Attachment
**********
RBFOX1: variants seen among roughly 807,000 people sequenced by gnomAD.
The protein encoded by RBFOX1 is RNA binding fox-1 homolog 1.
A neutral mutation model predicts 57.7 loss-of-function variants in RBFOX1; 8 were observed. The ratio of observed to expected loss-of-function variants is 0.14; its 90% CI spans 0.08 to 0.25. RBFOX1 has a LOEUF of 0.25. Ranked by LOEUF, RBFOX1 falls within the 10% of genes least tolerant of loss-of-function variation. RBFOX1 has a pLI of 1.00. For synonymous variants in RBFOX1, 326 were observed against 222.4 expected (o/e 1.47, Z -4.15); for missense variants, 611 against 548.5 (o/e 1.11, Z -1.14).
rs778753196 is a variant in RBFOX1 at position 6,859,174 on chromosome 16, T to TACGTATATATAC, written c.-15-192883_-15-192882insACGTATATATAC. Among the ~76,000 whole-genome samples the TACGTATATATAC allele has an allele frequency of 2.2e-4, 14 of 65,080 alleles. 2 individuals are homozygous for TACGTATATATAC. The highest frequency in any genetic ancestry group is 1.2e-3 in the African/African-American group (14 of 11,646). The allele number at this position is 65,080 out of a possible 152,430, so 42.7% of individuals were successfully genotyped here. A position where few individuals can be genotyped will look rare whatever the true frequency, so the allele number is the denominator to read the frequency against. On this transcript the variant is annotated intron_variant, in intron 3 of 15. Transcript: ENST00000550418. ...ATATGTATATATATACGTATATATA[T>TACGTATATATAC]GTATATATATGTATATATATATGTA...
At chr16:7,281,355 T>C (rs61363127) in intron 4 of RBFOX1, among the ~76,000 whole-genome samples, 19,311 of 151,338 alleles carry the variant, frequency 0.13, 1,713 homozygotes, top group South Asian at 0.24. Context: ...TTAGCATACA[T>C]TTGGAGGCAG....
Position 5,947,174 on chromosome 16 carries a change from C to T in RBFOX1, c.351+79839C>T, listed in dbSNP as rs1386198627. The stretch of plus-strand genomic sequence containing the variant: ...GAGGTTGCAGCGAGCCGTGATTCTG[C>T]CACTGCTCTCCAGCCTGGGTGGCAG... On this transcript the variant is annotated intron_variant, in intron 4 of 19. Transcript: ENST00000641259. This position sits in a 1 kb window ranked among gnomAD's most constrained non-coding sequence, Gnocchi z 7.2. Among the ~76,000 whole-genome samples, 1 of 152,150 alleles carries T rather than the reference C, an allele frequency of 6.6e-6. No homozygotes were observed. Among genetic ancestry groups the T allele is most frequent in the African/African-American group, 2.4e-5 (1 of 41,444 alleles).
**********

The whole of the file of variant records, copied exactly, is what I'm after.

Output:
RBFOX1: variants seen among roughly 807,000 people sequenced by gnomAD.
The protein encoded by RBFOX1 is RNA binding fox-1 homolog 1.
A neutral mutation model predicts 57.7 loss-of-function variants in RBFOX1; 8 were observed. The ratio of observed to expected loss-of-function variants is 0.14; its 90% CI spans 0.08 to 0.25. RBFOX1 has a LOEUF of 0.25. Ranked by LOEUF, RBFOX1 falls within the 10% of genes least tolerant of loss-of-function variation. RBFOX1 has a pLI of 1.00. For synonymous variants in RBFOX1, 326 were observed against 222.4 expected (o/e 1.47, Z -4.15); for missense variants, 611 against 548.5 (o/e 1.11, Z -1.14).
rs778753196 is a variant in RBFOX1 at position 6,859,174 on chromosome 16, T to TACGTATATATAC, written c.-15-192883_-15-192882insACGTATATATAC. Among the ~76,000 whole-genome samples the TACGTATATATAC allele has an allele frequency of 2.2e-4, 14 of 65,080 alleles. 2 individuals are homozygous for TACGTATATATAC. The highest frequency in any genetic ancestry group is 1.2e-3 in the African/African-American group (14 of 11,646). The allele number at this position is 65,080 out of a possible 152,430, so 42.7% of individuals were successfully genotyped here. A position where few individuals can be genotyped will look rare whatever the true frequency, so the allele number is the denominator to read the frequency against. On this transcript the variant is annotated intron_variant, in intron 3 of 15. Transcript: ENST00000550418. ...ATATGTATATATATACGTATATATA[T>TACGTATATATAC]GTATATATATGTATATATATATGTA...
At chr16:7,281,355 T>C (rs61363127) in intron 4 of RBFOX1, among the ~76,000 whole-genome samples, 19,311 of 151,338 alleles carry the variant, frequency 0.13, 1,713 homozygotes, top group South Asian at 0.24. Context: ...TTAGCATACA[T>C]TTGGAGGCAG....
Position 5,947,174 on chromosome 16 carries a change from C to T in RBFOX1, c.351+79839C>T, listed in dbSNP as rs1386198627. The stretch of plus-strand genomic sequence containing the variant: ...GAGGTTGCAGCGAGCCGTGATTCTG[C>T]CACTGCTCTCCAGCCTGGGTGGCAG... On this transcript the variant is annotated intron_variant, in intron 4 of 19. Transcript: ENST00000641259. This position sits in a 1 kb window ranked among gnomAD's most constrained non-coding sequence, Gnocchi z 7.2. Among the ~76,000 whole-genome samples, 1 of 152,150 alleles carries T rather than the reference C, an allele frequency of 6.6e-6. No homozygotes were observed. Among genetic ancestry groups the T allele is most frequent in the African/African-American group, 2.4e-5 (1 of 41,444 alleles).